Reviewed by Vennessa Ng
Predator by Terri Blackstock
"Blackstock once again proves herself as a master of suspense. Predator is both entertaining and thought provoking."
In an age where the world is
embracing online social networks, Predator makes you stop and wonder
just how vulnerable you and your loved ones are.
I couldn’t help but reflect on my own online activity, and that of
my children. Being “friends” with a lot of my nieces, nephews,
and younger cousins has made me aware of how much information they really
do give out via their postings. Today it doesn’t stop at just computer
use. With most sites now integrating mobile phone updates, it is so easy
to quickly send a status update. Children, as well as adults, carelessly
give out information which could be potentially harmful.
The premise of Predator sent shivers down my spine. How easily this could turn into someone’s reality.
A predator is scouring social networking sites and has already taken the life of fourteen-year-old Ella Carmichael. Devastated by her younger sister’s death, Krista sets out to stop more girls from becoming his next victim. When she fails to get Ryan Adkins, CEO of a social networking site called GrapeVyne, to accept responsibility for her sister’s death, Krista takes matters into her own hands and sets up a fake persona on GrapeVyne. She spends hours scouring Ella’s “friends” on GrapeVyne, searching for anyone who seems out of place, ready to bait any potential killers.
Ryan Adkins never dreamed his dorm-room idea for a social network would turn into a billion-dollar company within five years. Neither did he imagine it would be used for evil. When his concerns fall on death ears, Ryan realises he must take matters into his own hands.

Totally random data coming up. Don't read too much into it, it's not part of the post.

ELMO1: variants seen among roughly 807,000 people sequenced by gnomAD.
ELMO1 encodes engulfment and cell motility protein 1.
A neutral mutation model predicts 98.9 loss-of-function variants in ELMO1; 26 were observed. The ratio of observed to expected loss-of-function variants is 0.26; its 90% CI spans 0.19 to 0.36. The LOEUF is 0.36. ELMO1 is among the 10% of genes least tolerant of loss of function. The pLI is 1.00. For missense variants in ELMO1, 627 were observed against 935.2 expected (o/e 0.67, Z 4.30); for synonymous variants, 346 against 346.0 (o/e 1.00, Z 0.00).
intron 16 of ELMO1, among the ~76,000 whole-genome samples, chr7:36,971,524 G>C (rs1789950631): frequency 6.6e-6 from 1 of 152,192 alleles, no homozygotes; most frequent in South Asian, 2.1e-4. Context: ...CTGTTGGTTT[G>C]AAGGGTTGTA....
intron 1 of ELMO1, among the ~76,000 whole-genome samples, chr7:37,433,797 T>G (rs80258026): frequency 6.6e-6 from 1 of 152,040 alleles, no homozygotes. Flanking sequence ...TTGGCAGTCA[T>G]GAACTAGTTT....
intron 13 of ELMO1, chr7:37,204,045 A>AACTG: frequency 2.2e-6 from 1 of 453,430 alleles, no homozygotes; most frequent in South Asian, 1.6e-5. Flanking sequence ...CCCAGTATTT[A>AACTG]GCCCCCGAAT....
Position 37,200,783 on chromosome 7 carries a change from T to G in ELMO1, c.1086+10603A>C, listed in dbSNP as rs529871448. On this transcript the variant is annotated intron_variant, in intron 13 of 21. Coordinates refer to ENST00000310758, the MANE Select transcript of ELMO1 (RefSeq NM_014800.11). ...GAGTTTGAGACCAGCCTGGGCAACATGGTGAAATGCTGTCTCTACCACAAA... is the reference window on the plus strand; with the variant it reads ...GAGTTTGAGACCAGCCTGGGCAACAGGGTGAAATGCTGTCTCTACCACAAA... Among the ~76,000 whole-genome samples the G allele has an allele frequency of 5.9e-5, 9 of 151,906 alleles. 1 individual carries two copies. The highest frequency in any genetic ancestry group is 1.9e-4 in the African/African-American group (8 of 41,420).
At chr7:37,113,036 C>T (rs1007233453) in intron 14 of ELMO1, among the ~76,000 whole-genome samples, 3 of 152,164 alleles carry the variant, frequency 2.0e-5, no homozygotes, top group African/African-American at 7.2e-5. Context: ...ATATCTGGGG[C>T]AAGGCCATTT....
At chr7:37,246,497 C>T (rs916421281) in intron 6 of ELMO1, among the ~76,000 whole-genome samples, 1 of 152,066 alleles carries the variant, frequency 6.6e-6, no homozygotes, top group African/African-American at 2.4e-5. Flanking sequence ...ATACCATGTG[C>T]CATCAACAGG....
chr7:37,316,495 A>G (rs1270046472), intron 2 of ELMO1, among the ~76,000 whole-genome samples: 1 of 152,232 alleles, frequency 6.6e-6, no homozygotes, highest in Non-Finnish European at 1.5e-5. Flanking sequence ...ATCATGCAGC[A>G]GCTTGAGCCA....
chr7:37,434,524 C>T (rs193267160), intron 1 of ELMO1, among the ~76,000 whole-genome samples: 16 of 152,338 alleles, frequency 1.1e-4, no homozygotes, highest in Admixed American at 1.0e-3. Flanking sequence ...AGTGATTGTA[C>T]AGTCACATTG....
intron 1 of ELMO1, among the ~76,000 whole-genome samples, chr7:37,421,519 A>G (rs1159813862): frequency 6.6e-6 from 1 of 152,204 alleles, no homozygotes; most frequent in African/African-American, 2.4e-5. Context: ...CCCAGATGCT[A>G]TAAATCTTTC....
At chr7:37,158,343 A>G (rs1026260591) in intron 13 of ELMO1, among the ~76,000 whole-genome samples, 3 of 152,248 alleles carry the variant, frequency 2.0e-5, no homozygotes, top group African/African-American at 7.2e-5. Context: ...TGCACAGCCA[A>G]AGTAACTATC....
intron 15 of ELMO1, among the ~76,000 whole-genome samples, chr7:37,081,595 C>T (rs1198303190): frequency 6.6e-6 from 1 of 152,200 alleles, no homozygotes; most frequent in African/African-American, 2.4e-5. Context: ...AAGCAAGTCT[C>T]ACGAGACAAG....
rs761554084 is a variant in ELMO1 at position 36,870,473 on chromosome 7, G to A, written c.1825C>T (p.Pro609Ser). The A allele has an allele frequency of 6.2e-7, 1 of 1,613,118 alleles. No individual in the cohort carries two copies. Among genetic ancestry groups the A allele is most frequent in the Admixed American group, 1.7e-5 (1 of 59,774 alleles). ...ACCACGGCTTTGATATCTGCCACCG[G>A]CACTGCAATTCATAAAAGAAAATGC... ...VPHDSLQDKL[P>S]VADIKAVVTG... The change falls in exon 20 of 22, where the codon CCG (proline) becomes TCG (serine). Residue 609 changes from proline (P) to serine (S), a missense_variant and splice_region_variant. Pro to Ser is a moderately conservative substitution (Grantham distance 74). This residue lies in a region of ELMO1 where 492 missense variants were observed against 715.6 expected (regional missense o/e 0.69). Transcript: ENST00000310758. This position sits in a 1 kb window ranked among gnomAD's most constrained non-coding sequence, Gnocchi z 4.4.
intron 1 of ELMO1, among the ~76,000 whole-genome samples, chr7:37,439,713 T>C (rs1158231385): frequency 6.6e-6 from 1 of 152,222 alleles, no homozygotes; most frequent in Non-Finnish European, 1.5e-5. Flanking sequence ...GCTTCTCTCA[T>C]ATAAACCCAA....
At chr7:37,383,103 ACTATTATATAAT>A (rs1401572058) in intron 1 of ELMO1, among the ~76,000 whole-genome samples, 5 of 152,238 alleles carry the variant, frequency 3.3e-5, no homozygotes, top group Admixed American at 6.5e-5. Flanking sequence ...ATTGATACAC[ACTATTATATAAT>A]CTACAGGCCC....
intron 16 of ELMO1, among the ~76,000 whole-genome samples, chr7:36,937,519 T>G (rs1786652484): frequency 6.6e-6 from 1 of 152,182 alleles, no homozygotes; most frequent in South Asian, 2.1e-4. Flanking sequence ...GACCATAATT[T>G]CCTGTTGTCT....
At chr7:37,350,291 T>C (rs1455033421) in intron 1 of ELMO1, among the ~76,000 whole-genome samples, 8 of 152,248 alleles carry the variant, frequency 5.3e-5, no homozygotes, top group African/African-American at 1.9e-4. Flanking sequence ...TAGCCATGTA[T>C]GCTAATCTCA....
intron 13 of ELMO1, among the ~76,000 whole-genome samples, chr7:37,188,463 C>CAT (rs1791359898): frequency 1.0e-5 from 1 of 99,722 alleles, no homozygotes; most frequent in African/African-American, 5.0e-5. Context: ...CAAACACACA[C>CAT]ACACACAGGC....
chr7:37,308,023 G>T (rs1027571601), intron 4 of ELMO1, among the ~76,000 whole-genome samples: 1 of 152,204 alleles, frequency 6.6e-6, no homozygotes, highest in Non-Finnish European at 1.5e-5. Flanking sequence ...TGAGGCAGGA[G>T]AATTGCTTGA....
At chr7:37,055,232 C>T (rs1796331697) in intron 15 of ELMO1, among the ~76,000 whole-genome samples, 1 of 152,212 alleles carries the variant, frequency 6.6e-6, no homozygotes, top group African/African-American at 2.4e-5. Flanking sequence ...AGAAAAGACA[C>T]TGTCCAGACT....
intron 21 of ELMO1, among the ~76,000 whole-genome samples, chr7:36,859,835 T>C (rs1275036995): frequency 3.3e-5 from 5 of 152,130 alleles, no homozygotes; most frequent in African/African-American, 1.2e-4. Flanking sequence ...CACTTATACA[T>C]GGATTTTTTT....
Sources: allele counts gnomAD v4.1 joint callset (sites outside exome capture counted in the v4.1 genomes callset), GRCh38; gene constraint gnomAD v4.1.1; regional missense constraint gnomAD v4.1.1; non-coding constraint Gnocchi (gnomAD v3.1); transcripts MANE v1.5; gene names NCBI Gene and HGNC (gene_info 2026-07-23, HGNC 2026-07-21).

Ryan realises he must join forces with Krista. Together they help raise online safety awareness among teens and go in search of the predator. But can they really outsmart the evil lurking behind the online pages? Digging too keep, they soon find themselves running for their lives when the predator turns his attention onto them.
Blackstock once again proves herself as a master of suspense. Predator is both entertaining and thought provoking. More than once I found myself stopping to ponder the plotline, only to be pulled back into the story by believable characters.
With a major networking site recently under the spotlight regarding their privacy settings, Predator is a timely release set to make many parents nervous about their children’s online behaviour. I highly recommend this book to any parent with children on social networks. I also recommend they get their children to read it for themselves.
Vennessa Ng lives in New Zealand with her husband and three children. As an avid reader with a passion for Christian worldview fiction, she works to help authors improve their craft through her freelance editing service, Aotearoa Editorial Services (www.aotearoaeditorial.com), and helps publicize books and authors via her review site, Illuminating Fiction (www.illuminatingfiction.com). She has also reviewed for Focus On Fiction, Infuze Magazine, Novel Reviews, 1340 Magazine, and now TitleTrakk. In her spare time she pursues her own passion for writing and is a member of American Christian Fiction Writers.